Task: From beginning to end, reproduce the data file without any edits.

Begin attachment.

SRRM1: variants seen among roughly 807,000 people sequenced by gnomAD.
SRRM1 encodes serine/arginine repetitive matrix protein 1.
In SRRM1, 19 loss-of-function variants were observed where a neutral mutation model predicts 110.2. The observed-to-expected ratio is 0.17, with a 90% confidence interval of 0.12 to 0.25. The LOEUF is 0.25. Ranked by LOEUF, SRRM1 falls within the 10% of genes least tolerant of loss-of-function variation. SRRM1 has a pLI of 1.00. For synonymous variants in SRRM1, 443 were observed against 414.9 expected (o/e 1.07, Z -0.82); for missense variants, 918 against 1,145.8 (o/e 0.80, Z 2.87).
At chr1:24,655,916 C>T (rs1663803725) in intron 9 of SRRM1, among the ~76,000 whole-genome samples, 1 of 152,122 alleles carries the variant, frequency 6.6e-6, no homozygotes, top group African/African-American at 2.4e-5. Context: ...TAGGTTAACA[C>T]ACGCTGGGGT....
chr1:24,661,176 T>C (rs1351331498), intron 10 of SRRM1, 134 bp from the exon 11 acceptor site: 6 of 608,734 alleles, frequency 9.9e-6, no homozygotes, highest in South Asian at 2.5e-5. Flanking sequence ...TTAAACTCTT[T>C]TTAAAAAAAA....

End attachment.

SRRM1: variants seen among roughly 807,000 people sequenced by gnomAD.
SRRM1 encodes serine/arginine repetitive matrix protein 1.
In SRRM1, 19 loss-of-function variants were observed where a neutral mutation model predicts 110.2. The observed-to-expected ratio is 0.17, with a 90% confidence interval of 0.12 to 0.25. The LOEUF is 0.25. Ranked by LOEUF, SRRM1 falls within the 10% of genes least tolerant of loss-of-function variation. SRRM1 has a pLI of 1.00. For synonymous variants in SRRM1, 443 were observed against 414.9 expected (o/e 1.07, Z -0.82); for missense variants, 918 against 1,145.8 (o/e 0.80, Z 2.87).
At chr1:24,655,916 C>T (rs1663803725) in intron 9 of SRRM1, among the ~76,000 whole-genome samples, 1 of 152,122 alleles carries the variant, frequency 6.6e-6, no homozygotes, top group African/African-American at 2.4e-5. Context: ...TAGGTTAACA[C>T]ACGCTGGGGT....
chr1:24,661,176 T>C (rs1351331498), intron 10 of SRRM1, 134 bp from the exon 11 acceptor site: 6 of 608,734 alleles, frequency 9.9e-6, no homozygotes, highest in South Asian at 2.5e-5. Flanking sequence ...TTAAACTCTT[T>C]TTAAAAAAAA....